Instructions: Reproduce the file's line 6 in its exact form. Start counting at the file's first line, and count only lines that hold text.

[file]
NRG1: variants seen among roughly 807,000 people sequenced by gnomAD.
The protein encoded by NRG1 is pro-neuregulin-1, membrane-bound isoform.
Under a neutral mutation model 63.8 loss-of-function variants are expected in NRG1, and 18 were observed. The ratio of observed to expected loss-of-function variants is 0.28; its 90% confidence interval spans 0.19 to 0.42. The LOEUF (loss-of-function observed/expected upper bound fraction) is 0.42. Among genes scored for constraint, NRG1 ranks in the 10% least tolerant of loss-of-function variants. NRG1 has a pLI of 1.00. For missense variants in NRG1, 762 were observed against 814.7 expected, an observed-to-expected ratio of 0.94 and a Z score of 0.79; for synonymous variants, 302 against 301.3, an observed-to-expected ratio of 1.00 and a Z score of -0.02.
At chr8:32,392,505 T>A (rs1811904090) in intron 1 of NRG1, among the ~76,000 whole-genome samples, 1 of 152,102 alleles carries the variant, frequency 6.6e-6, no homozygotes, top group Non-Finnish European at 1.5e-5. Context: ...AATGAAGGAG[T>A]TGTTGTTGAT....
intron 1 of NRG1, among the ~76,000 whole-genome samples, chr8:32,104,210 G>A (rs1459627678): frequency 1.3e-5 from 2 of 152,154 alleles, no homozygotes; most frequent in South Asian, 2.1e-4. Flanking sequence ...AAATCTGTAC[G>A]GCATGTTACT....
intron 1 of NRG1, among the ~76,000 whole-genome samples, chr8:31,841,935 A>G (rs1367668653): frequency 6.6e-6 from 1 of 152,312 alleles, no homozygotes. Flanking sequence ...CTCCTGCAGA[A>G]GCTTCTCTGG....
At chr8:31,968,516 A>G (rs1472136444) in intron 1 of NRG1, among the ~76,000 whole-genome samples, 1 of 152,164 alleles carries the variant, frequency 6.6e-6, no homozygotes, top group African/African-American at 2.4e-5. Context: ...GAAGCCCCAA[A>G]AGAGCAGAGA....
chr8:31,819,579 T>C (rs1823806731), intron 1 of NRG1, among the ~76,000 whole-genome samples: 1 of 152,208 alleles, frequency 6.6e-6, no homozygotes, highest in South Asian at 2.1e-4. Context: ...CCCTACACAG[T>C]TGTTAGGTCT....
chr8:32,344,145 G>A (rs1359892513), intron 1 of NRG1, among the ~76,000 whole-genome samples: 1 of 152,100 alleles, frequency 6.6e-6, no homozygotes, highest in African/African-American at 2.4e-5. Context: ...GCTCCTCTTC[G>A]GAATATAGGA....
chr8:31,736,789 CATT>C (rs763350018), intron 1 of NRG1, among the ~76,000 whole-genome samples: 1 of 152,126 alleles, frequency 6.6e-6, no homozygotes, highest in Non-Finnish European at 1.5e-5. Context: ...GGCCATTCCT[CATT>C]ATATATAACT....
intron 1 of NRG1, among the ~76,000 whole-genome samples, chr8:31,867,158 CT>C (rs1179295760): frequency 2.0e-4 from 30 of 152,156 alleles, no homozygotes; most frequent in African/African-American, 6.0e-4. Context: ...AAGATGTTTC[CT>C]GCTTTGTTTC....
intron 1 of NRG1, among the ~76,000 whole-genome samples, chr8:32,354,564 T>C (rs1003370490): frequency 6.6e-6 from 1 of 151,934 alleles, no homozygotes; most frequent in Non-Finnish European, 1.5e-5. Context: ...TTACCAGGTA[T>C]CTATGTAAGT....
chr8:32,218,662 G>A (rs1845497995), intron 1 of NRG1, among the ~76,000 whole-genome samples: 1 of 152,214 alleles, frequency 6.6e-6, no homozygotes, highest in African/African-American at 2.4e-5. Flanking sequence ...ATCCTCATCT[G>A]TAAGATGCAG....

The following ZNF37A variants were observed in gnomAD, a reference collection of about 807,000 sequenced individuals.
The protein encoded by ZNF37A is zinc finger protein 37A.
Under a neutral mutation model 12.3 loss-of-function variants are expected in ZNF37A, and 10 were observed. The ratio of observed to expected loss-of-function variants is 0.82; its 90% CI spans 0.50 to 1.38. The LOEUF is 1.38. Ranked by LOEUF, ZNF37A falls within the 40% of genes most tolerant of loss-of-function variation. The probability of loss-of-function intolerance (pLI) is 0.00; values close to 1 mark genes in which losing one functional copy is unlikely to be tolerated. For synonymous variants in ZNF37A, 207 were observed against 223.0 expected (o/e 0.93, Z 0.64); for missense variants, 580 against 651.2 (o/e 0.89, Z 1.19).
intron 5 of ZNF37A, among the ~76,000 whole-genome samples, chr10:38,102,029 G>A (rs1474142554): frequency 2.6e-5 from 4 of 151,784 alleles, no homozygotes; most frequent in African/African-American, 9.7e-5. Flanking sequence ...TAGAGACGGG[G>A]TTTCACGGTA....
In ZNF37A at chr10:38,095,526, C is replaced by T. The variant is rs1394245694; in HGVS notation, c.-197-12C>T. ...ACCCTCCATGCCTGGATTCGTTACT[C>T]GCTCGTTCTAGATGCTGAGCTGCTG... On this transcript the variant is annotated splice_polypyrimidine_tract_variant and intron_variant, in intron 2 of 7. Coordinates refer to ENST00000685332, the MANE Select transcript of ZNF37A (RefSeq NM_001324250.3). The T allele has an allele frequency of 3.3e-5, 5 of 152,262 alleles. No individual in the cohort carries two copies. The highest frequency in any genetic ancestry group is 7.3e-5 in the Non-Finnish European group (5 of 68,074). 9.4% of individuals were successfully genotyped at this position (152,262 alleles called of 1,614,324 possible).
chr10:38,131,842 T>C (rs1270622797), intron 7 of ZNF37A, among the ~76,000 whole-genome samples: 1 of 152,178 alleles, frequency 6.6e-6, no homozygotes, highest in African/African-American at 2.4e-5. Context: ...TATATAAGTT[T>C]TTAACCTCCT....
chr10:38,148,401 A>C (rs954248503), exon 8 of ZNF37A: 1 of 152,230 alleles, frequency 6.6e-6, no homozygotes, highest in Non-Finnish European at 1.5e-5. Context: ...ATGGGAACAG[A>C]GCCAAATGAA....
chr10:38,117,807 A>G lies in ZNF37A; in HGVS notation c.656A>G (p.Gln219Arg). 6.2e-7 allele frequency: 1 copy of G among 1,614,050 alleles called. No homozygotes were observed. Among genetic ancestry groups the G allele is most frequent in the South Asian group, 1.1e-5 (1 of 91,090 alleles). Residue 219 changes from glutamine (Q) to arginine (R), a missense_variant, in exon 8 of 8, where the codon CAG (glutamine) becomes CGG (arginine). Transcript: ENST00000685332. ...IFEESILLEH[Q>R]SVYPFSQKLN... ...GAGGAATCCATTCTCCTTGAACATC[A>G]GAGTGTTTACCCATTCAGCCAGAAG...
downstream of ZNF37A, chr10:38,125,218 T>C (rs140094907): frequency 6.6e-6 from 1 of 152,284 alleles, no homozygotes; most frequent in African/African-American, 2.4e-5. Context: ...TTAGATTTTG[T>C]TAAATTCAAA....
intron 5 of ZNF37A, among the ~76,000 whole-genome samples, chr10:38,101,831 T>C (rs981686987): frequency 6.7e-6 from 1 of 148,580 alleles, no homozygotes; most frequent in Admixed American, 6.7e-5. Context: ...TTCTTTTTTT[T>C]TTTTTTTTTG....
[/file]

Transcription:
intron 1 of NRG1, among the ~76,000 whole-genome samples, chr8:31,841,935 A>G (rs1367668653): frequency 6.6e-6 from 1 of 152,312 alleles, no homozygotes. Flanking sequence ...CTCCTGCAGA[A>G]GCTTCTCTGG....